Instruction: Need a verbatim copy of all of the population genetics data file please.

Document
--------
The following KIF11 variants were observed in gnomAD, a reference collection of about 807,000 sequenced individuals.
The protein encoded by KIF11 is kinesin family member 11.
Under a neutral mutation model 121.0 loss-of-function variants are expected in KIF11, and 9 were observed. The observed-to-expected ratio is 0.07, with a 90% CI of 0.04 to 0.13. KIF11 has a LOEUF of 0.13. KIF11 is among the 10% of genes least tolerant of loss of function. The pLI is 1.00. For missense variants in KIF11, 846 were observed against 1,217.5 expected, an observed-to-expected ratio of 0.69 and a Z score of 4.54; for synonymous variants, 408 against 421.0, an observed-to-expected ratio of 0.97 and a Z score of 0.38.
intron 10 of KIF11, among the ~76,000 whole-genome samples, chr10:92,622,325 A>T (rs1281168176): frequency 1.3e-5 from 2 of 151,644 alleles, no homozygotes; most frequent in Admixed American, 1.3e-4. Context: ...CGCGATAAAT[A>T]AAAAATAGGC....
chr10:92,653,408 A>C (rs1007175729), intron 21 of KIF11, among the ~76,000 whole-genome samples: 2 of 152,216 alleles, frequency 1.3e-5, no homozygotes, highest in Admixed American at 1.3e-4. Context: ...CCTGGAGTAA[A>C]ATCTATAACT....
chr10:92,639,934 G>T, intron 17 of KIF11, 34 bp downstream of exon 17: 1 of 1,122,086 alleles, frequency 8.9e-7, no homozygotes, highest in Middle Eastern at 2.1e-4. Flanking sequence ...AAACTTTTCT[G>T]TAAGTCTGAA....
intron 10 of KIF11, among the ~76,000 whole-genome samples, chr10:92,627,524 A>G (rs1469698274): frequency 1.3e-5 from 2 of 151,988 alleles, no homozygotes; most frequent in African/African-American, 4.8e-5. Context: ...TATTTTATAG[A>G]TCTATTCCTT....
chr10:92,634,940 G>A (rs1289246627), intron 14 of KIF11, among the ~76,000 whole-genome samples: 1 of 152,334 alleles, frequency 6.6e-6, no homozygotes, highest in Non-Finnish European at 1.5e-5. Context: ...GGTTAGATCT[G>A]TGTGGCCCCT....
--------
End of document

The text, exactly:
The following KIF11 variants were observed in gnomAD, a reference collection of about 807,000 sequenced individuals.
The protein encoded by KIF11 is kinesin family member 11.
Under a neutral mutation model 121.0 loss-of-function variants are expected in KIF11, and 9 were observed. The observed-to-expected ratio is 0.07, with a 90% CI of 0.04 to 0.13. KIF11 has a LOEUF of 0.13. KIF11 is among the 10% of genes least tolerant of loss of function. The pLI is 1.00. For missense variants in KIF11, 846 were observed against 1,217.5 expected, an observed-to-expected ratio of 0.69 and a Z score of 4.54; for synonymous variants, 408 against 421.0, an observed-to-expected ratio of 0.97 and a Z score of 0.38.
intron 10 of KIF11, among the ~76,000 whole-genome samples, chr10:92,622,325 A>T (rs1281168176): frequency 1.3e-5 from 2 of 151,644 alleles, no homozygotes; most frequent in Admixed American, 1.3e-4. Context: ...CGCGATAAAT[A>T]AAAAATAGGC....
chr10:92,653,408 A>C (rs1007175729), intron 21 of KIF11, among the ~76,000 whole-genome samples: 2 of 152,216 alleles, frequency 1.3e-5, no homozygotes, highest in Admixed American at 1.3e-4. Context: ...CCTGGAGTAA[A>C]ATCTATAACT....
chr10:92,639,934 G>T, intron 17 of KIF11, 34 bp downstream of exon 17: 1 of 1,122,086 alleles, frequency 8.9e-7, no homozygotes, highest in Middle Eastern at 2.1e-4. Flanking sequence ...AAACTTTTCT[G>T]TAAGTCTGAA....
intron 10 of KIF11, among the ~76,000 whole-genome samples, chr10:92,627,524 A>G (rs1469698274): frequency 1.3e-5 from 2 of 151,988 alleles, no homozygotes; most frequent in African/African-American, 4.8e-5. Context: ...TATTTTATAG[A>G]TCTATTCCTT....
chr10:92,634,940 G>A (rs1289246627), intron 14 of KIF11, among the ~76,000 whole-genome samples: 1 of 152,334 alleles, frequency 6.6e-6, no homozygotes, highest in Non-Finnish European at 1.5e-5. Context: ...GGTTAGATCT[G>A]TGTGGCCCCT....